There are aspects of marketing practice that apply to digital as well as any other form. For example, research-based audience insight is a foundation stone of all campaigns. And prior campaign results are a goldmine of proprietary primary research into audience behaviours and responses.

But the "spirit of passionate intellect" is never satisfied. Audience research can always be enriched through more qualitative research methods to more deeply understand audience motivations, fears, pain points, and so on.

And ongoing optimisation is really where the loving attentiveness of the craftsperson at work is most visible. While real-time analysis is often touted as one of the key strengths of the medium, measurability alone isn't enough. It's the driven curiosity, if not obsession, of the craftsperson to know what makes a campaign work that makes real optimisation possible. If your people are passionate enough to do it right, then they'll constantly track, analyse and re-analyse data. This gives them a real picture of what's happening from the moment a campaign kicks off, so they can optimise on an ongoing basis based on that data. Optimisation touches every aspect of the campaign - creative tone, calls to action, placement, media format, timing, and so on. The list is endless. In one campaign we ran for British Airways this year, we improved the daily sales yield by 1,245 per cent over a two-week period thanks to diligent, attentive optimisation. That's an average improvement of 90 per cent a day. Again, the "spirit of passionate intellect" is never satisfied.

Staying ahead of the pack also takes the help of trusted allies. Among the most important relationships to manage are those with the media owners themselves. It's only by having the right working relationships with them that the best deals, priority placements, unique placements and media firsts can be secured. Commercial advertising opportunities online run the gamut from basic banners and buttons to integrated placements and full sponsorships. Portals want the opportunity to sell the more valuable, innovative placements because for them, high-profile, "blue-chip" clients running exciting, rich campaigns on their site contributes to their own brand equity. For example, we're about to run a re-skin of the AOL travel homepage - meaning our client has all of the advertising units on the homepage, some of these being completely new, bespoke units. It's a first.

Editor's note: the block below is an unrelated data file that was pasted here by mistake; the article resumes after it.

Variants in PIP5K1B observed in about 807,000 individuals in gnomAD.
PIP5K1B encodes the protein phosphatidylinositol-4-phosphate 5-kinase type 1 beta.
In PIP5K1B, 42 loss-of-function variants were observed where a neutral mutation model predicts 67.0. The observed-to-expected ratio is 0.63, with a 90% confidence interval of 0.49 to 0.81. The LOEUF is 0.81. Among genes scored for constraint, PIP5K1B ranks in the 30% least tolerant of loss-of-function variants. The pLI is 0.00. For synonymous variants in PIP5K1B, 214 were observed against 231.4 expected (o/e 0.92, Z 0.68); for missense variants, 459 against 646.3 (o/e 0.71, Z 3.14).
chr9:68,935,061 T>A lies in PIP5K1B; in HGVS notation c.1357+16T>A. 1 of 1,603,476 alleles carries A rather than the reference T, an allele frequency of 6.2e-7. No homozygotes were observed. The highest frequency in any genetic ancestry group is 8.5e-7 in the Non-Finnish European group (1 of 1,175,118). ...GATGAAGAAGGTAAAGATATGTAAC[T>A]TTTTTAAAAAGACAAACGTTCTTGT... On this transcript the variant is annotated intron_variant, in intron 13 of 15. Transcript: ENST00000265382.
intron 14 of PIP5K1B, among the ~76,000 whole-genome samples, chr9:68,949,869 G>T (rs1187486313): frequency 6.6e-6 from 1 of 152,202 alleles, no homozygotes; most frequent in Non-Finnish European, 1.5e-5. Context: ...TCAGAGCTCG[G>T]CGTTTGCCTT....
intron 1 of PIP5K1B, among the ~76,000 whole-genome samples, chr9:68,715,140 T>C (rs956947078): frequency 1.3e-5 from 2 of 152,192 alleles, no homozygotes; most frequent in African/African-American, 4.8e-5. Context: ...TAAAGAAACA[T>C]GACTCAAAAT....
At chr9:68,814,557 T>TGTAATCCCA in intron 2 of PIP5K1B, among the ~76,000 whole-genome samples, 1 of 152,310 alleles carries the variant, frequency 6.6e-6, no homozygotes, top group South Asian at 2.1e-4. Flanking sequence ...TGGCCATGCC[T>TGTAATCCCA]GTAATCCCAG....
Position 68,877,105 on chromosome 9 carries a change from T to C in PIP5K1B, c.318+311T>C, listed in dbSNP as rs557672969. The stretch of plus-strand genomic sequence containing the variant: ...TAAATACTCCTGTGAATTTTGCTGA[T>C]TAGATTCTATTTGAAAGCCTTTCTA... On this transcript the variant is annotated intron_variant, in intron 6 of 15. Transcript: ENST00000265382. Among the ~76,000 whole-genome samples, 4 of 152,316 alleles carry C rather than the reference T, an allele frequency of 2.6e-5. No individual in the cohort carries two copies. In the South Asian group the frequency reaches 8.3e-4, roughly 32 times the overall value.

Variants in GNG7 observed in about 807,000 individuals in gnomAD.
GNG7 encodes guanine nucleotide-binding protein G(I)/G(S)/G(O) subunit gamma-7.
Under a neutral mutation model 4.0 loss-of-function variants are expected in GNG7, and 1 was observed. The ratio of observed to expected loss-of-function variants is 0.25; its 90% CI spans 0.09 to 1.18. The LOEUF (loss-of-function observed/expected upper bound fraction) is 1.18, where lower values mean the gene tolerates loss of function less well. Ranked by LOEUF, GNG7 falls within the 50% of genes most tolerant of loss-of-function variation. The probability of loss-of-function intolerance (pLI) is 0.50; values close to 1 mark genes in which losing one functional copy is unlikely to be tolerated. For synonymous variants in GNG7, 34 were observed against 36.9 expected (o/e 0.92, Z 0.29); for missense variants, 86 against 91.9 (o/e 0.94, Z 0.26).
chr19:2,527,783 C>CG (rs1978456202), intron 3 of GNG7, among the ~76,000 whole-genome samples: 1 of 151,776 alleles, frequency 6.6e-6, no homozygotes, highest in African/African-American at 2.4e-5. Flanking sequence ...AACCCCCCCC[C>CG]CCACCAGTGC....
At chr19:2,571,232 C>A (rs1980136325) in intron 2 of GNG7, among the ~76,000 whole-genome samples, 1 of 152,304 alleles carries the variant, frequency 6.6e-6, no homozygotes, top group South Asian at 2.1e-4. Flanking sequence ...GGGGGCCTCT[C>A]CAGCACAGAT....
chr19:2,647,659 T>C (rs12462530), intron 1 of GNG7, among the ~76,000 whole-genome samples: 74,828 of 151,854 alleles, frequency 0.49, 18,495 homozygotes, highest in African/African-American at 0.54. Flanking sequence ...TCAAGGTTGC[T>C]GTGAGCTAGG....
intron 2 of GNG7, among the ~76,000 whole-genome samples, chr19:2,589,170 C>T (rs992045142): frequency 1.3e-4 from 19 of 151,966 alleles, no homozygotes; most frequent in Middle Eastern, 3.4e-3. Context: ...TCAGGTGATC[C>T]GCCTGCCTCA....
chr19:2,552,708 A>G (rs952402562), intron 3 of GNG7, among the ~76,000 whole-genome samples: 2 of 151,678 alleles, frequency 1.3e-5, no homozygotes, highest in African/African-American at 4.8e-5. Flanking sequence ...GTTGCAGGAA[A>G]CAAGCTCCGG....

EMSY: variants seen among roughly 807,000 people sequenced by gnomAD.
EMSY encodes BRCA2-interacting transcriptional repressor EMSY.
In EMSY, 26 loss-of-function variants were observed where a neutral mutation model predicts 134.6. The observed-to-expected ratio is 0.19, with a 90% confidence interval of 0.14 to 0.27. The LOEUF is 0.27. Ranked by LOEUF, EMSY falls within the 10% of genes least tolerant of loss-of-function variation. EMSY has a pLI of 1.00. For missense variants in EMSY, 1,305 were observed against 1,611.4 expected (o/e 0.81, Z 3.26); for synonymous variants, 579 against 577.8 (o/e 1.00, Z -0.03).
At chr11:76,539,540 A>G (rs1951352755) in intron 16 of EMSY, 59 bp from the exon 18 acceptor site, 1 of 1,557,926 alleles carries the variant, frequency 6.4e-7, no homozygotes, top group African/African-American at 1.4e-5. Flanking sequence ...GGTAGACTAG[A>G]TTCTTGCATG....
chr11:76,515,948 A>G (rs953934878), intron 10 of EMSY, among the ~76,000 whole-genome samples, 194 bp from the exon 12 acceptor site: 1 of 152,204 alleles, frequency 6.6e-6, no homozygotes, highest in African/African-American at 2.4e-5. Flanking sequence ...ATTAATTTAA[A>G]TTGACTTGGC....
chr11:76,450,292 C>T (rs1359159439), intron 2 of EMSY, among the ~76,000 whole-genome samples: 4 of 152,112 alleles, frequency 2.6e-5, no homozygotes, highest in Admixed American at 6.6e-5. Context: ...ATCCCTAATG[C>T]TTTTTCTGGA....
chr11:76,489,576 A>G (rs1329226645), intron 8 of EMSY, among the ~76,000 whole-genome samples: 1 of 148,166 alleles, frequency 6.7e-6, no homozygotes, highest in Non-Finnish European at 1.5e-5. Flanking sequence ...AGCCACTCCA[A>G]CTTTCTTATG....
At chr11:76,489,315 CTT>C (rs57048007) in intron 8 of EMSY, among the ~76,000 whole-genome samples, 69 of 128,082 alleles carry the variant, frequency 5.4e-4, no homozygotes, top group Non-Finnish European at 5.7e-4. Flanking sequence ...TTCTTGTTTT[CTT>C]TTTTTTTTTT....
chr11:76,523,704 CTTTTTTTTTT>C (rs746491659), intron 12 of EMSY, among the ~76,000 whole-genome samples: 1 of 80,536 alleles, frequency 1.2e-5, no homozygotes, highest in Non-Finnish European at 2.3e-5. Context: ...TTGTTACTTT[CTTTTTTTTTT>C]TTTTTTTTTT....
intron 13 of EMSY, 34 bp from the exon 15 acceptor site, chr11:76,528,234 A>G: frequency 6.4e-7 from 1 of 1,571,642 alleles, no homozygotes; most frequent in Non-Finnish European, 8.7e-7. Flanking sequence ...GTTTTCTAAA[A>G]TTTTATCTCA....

And it would never have been possible if we hadn't proven our trustworthiness and developed the right relationship with the reps at AOL.

But the ultimate relationship is the one with the client. Not because they pay the bills, but because only with the right clients can you make any of this happen. For us, that means partnering with clients who will value, support and be active participants in our craft.

In the end, the best digital media work comes from a creative, collaborative community composed of individuals who combine immense skill in their craft with imagination, an openness to new ideas and fanatical dedication to quality and detail. Good digital media planning is necessarily a cottage industry. And it is indeed possible to detect in the best work, traces of what Nelson called "the spirit of the passionate intellect".

- Alex Wright is the managing director of Agency.com.

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1 Job description: Digital marketing executive

Digital marketing executives oversee the online marketing strategy for their organisation. They plan and execute digital (including email) marketing campaigns and design, maintain and supply content for the organisation's website(s).